"So you went and decided to be a notch in that Ferret's instead?" he snarled through clenched teeth.

She laughed bitterly.

"Not exactly," she ground out.

He heard the hurt in her voice and he felt it like a bruise to him... like taking a rock to the ribs.

"It seemed that," she said icily, crossing her arms, "after my lying, deceptive, terrorist father told me that I was capable of making my own decisions about who to be seen in public with, you quite literally had enough to keep both hands full without me. I didn't think, at that point, I'd be missed."

He scratched the back of his neck jerkily, mulling over her point.

"You were missed," he grated.

She didn't answer, turning away and staring at the door.

He got an eye full of her lovely profile as he willed with everything in him that she wouldn't go back out the door.

"You could have said something," he sighed, leaning back so he didn't have to look at her.

"And what would I have said? 'Hey Tahno, even though you've got dozens of gorgeous women thowing themselves at you every night, and you don't even really know who I am, and I haven't seen you for a year, what do you think about monogamy?'" she affected a falsely chipper, vapid air as she said this and he couldn't help but chuckle.

Yeah, she did have a point there.

After she left (deserted), he actually did enjoy the non-monogamy that being a Wolfbat facilitated.

She still stabbed him in the heart though.

And it hurt enough that he wasn't above a little stabbing back.

"Speaking of monogamy," he drawled flippantly, "how's it going with you and the Ash-Hole and the Avatar? Any hot threesomes with her that I should hear about?"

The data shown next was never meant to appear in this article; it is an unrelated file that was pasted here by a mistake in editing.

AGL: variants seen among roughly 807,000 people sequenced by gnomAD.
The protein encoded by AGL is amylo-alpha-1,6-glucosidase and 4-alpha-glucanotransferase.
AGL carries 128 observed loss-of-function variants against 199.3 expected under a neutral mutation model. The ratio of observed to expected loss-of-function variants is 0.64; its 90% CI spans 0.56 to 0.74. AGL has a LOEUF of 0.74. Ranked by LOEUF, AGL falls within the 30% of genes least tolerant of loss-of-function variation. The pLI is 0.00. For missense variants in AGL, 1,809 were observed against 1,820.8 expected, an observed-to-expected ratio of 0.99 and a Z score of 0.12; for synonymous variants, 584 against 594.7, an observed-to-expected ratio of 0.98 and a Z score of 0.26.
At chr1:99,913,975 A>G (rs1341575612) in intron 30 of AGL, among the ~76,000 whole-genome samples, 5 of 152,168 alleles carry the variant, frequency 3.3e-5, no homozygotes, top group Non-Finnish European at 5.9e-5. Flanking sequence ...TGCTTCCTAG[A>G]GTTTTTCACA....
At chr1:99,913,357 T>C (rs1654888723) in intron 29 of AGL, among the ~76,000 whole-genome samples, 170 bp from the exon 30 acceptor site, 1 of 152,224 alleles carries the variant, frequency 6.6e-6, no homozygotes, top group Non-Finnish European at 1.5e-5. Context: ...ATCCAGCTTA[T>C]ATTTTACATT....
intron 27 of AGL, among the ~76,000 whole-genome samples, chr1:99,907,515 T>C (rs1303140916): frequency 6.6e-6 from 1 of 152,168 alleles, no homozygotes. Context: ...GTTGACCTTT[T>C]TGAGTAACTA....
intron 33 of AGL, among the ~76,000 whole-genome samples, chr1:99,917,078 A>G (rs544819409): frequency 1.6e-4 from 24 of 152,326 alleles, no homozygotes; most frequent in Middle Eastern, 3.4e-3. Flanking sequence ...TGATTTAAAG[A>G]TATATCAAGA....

She kicked him in the shin.


With her fucking pointy boot.

He grunted in pain and swore under his breath as he rubbed the spot.

"I'm not part of that equation anymore," she scowled.

His eyebrows rose at the wavery tone in her voice.

That idiot actually hurt her.

(Tahno was going to fucking kill him... He didn't let the murderous intent show in his eyes, of course.)

Instead, he hesitantly reached over and took her hand, turning it over and kissing the sensitive spot at the base of her palm, enfolding it in both of his.

"Well," he said dryly, "the Ferret may sort of know how to fight, but he never did strike me as having an overabundance of brains."

She breathed out a sad laugh, and gave his hand a quick squeeze.

"...How are you doing?" she asked quietly.

"Terrible, actually," he said. "But I'll be fine."

He eyed her warily.

He read newspapers.

"How about you?" he asked quietly.

She didn't answer, but he felt a hot tear drop onto one of his hands after a moment.

His face fell.

He pulled her into his lap without a word, and she curled up, burying her face into his neck and crying soundlessly. He sighed and rubbed his hand up and down her back. He kissed her head when he felt her shudder against him from the strength of her grief.

He lost his bending.

She lost everything else.

"Do you need a place to stay?" he asked quietly. "You can stay here."

(You should stay here.)

She tipped her head back to look up at him.

His breath was literally stolen away, she was so beautiful.

Her eyes were as green as the warm waters of the Fire Nation.